Over-diagnosis of prostate and breast cancers

Over-diagnosis of prostate and breast cancers

Originally published in July-August 2004 icon

Over diagnosis of Prostate cancer

The Guardian (May 26th 2004) reported an article by the Institute for Cancer Research which suggested thousands of men may be putting themselves at unnecessary risk of serious side effects - like impotence and incontinence - by opting for radical surgery and other treatments rather than a simple programme of ’active surveillance’.

Open quotesAs many as 50 per cent of all men diagnosed did not need invasive treatmentClose quotes

 

Apparently 11 years of ’active surveillance’ at centres like the Royal Marsden have suggested as many as 50 per cent of all men diagnosed did not need invasive treatment.

 

(Ed: Certainly this confirms earlier studies in the USA. The NCI has stated that up to 90 per cent of all cancers may be slow growing and can be left safely for 10 years or so. Anyone who has seen Chris Woollams on tour will know he covers over-diagnosis extensively in his speech. The problem lies with the PSA test which is anyway only 70 per cent accurate at best, and also fails to distinguish between the ’tigers’ and the ’pussycats’ as Colin Cooper of the Everyman Male Cancer Research Centre at the Institute confirms. Only 3-10 per cent may be ’tigers’ although you can get these at any age).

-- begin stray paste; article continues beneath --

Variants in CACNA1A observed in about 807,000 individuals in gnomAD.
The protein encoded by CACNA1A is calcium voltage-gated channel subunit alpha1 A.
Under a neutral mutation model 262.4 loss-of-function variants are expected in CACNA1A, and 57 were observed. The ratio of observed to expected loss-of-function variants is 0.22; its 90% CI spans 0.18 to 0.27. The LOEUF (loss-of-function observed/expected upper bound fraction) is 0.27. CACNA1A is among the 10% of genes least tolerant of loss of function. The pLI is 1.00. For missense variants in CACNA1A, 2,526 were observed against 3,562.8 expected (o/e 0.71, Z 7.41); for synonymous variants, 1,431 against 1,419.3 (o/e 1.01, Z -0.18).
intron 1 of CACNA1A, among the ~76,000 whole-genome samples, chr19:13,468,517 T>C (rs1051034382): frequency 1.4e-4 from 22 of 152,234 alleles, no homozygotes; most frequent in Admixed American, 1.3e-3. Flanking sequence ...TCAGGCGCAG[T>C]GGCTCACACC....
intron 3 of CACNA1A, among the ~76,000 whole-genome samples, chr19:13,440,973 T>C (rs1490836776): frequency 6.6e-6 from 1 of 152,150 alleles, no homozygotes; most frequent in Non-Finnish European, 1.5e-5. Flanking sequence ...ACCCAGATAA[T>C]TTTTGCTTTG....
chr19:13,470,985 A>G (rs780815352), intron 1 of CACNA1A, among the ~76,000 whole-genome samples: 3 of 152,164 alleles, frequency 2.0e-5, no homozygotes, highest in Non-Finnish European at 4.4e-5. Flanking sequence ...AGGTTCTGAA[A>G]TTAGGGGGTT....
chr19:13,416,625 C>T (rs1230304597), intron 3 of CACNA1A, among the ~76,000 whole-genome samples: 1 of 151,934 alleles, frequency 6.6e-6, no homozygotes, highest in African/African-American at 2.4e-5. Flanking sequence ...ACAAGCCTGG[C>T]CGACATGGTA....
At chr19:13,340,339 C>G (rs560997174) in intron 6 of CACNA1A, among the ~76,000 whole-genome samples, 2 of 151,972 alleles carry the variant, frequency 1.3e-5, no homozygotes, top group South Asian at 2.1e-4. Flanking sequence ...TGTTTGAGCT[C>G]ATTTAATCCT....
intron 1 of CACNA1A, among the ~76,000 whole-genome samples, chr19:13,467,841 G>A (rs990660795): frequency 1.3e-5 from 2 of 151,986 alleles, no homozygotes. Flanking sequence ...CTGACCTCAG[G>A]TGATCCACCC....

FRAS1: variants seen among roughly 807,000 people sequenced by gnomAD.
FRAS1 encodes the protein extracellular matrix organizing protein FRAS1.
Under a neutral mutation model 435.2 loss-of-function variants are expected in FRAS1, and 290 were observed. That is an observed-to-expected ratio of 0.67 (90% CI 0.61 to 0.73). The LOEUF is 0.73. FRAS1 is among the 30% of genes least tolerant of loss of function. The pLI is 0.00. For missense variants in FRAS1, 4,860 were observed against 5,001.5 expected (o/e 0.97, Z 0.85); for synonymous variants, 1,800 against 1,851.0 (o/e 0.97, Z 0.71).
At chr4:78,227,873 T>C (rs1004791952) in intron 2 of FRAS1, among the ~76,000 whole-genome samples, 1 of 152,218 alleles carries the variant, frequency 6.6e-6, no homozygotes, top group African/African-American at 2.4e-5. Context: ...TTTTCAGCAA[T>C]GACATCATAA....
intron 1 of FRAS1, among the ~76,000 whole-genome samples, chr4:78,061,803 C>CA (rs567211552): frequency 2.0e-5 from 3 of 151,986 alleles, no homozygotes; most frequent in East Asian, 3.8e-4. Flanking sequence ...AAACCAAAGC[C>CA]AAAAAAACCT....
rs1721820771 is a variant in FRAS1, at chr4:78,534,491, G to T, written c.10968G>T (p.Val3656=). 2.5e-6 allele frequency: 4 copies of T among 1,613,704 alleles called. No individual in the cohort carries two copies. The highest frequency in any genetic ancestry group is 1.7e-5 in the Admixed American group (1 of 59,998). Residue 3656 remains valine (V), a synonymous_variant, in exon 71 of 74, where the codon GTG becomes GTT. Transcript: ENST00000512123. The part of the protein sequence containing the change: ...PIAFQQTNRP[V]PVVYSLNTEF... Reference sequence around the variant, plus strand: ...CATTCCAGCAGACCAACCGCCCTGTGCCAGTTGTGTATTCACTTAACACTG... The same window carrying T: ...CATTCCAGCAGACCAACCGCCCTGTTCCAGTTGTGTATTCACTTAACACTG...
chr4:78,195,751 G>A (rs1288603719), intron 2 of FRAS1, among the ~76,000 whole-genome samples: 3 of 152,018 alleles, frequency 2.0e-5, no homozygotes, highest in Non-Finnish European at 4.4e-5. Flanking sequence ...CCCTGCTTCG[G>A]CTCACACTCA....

Overdiagnosis of breast cancer too

Meanwhile criticism on mammograms and their diagnosis rates came at the American Breast Cancer Congress.

Apparently half of all diagnosis by mammograms is DCIS. What is this? Answer: calciferous particles found in the ducts. It is neither cancer, nor pre-cancer. Indeed according to UCLA only 20 per cent of DCIS, at most, goes on to become breast cancer. Yet the diagnosis can produce fear and inaccurate diagnosis and treatment. (Ed: One woman reported to us that she had been given radiotherapy immediately for DCIS).

There is some suggestion that vitamin D can help remove such calciferous particles. Certainly UCLA and the Royal Marsden both recommend vitamin D for women with breast cancer.

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